Lakecaster Online

Of Bass & Gals
By: Sue Crochet

Now that things have started to heat up (weather temperatures, that is), bass fishing will be pretty slow. As I mentioned in last month's article, for the best bass-fishing action, you'll need to be on the lake early in the morning (before sunrise) and late in the evening. If you like to chase "schoolies", you're pretty much out of luck if the wind has things churned up. However, if the lake is calm and baitfish have a chance to group up, you can have a lot of fun throughout the day. As a matter of fact, this kind of action is usually best during the hottest part of the day.

This is also the time of year when many bass clubs start having their monthly tournaments at night. Not only does this provide a pleasant reprieve from the daytime heat, but bass will tend to feed better at night during the summer months. They don't like the heat either! Night fishing is usually best during the full moon phase, but can also be good when skies are clear and the moon is providing adequate light for maneuvering around the lake. Not only is it safer to have moonlight, but the reflection of the moon against the dark water allows bass to see lures better.

Many of my friends say that fishing at night is their favorite time to catch bass. I have personally only fished at night a couple of times during my 21-year bass-fishing career. As a matter of fact, my first 5-pound bass was caught around 11:00 PM during the summer months. I must admit that it was very exciting, because I couldn't actually see where my bait landed and I was working strictly from feel. I would have to say that this would definitely be one of the best ways to hone your worm-fishing skills.

Another reason for having a bright night to do this is so that you can see where you're casting your lure. There's nothing more exciting than working a buzzbait or topwater plug across the surface of the water and hearing that commode-flushing sound. You can't see it, but all of a sudden something is trying to pull your rod out of your hand. However, it wouldn't be very much fun if you were hanging up baits in trees, bushes, or grass all night, so picking the right night is important. Also, it's not easy to see what's in that bush or tree when you're reaching in to retrieve your lure!

I don't know about you, but these days I turn into a pumpkin after 10:00 PM. If you're planning to give night-fishing a try for the first time, I suggest that you take a nap during the afternoon before. I also recommend that you go out for only a few hours. Just like fishing during the day, there may be only a couple of hours during the night when the bass are feeding actively. If you're not accustomed to staying up all night, it can be pretty frustrating to be out there for several hours and experience a short 1-hour feed just before daylight the next morning!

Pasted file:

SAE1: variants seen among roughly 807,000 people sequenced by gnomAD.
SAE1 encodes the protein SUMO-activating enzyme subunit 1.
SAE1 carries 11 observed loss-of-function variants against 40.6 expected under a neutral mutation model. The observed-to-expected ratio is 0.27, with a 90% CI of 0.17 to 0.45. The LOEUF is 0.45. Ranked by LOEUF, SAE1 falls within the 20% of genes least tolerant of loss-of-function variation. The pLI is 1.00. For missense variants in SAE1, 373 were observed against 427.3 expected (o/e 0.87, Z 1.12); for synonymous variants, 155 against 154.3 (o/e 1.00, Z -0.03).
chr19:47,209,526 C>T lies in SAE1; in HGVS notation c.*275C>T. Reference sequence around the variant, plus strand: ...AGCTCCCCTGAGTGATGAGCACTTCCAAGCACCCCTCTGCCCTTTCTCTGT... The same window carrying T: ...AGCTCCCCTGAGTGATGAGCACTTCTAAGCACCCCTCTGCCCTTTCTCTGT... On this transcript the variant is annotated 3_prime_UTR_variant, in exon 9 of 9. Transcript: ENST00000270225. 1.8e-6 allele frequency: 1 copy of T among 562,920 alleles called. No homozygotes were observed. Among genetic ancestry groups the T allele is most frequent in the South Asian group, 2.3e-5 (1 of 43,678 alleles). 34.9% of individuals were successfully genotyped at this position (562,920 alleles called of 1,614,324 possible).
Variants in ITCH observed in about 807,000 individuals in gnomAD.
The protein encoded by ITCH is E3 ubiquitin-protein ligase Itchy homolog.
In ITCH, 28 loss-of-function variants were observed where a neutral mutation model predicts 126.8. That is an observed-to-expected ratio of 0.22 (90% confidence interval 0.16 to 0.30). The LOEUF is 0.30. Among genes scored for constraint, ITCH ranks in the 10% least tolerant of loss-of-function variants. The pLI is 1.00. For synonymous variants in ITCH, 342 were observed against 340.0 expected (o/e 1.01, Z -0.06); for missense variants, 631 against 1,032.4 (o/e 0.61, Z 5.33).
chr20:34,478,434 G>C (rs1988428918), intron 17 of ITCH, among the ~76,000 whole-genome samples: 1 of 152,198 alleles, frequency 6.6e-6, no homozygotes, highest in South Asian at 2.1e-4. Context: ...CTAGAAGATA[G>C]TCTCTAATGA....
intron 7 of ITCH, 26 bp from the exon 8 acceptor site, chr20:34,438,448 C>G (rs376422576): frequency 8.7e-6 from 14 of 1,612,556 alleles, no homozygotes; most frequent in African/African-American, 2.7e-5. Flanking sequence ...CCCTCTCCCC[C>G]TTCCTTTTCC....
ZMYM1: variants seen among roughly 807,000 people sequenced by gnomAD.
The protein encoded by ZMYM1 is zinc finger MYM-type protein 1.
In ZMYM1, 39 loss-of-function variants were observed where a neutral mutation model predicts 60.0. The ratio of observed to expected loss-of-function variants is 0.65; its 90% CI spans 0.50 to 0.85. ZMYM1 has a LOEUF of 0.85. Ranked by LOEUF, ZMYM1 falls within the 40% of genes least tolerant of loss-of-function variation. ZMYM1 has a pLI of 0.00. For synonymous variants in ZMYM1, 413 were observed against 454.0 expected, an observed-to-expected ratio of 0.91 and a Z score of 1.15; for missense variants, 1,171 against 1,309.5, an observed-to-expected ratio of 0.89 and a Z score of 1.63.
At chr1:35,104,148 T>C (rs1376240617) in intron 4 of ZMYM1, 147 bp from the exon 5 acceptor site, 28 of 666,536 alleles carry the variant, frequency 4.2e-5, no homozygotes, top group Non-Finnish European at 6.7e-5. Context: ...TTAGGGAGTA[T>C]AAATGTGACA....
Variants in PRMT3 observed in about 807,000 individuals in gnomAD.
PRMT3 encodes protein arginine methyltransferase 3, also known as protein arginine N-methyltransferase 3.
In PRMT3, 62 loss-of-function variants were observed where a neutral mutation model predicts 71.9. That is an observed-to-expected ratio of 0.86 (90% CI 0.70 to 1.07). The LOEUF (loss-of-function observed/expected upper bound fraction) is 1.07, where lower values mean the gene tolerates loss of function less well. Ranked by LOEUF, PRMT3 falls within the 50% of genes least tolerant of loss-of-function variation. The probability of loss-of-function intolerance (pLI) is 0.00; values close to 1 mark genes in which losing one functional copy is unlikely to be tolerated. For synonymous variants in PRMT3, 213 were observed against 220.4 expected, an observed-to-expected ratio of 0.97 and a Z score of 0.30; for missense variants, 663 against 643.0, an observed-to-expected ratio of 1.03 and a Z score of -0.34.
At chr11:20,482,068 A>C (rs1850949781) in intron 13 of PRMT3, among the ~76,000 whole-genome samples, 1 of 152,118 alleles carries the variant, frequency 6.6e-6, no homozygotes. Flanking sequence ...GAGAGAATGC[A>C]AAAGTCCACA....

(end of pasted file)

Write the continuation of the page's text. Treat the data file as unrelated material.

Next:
You may want to consult your Solunar Table to see when the prime fishing time is supposed to occur. This may allow you to go to bed at your regular time, setting your alarm for an hour or two just before the prime feeding period. If you're like me, sleeping during the day just isn't natural and I don't get much rest. This method would allow you to miss only 3 or 4 hours of sleep and still be able to function the next day. If the fishing is really good and you end up staying out until daybreak, you may just be tired enough to go in and catch a couple of hours of sleep.

Obviously, fishing at night allows avid bass anglers to pursue their favorite sport without having to suffer through extremely hot temperatures. However, it's even more necessary to practice safe boating when you're on the lake at night. Depending on how far you're planning to venture from your launch site, you might want to use some of the following tips for your next night-fishing trip.

· Make sure someone knows where you will be and what time you expect to return. Depending on distance, the best scenario is to carry walkie-talkies or a cell phone in case of an emergency.
· Wear a life jacket any time the big motor is running. Of course, anyone who can't swim should wear a life jacket at all times.
· Keep a spotlight or high-powered flashlight handy and use it when moving from one spot to another to stay clear of obstructions.
· A lightweight jacket is handy. It may be the middle of the summer, but when the evening dew starts falling, you may get chilled.
· A rain suit can serve the same purpose, but is better if weather conditions deteriorate and/or if you get stuck out on the water for some reason.
· Bring plenty of water. Even though it's dark, it's still summertime, so drink often to stay hydrated.
· Mosquito repellant is a must after the sun goes down in Southwest Louisiana!
· Good compasses are relatively inexpensive and come in very handy when you've lost your bearings.

The following items are not only important safety tips, but are required by law, whether fishing at night or during the day:
· Your boat should be equipped with a horn or whistle, life ring or throw cushion, and a fire extinguisher.
· There must be a life jacket for every person in the boat.
· Running lights should be used every time the big motor is running. However, I don't believe you are required to have them on once you have stopped. Just remember to turn them on when you hear another boat coming so that they'll know you are there.
· Make sure your fishing license is current.

Have a safe trip!


The Lake Area Lady Anglers will be holding their July tournament on Saturday, the 27th out of Twin Dikes Public Boat Ramp at Sam Rayburn. Women 18 years of age and older are welcome to fish as guests any time. If you are interested, please call (337) 217-9283 for more information. You may also contact me at

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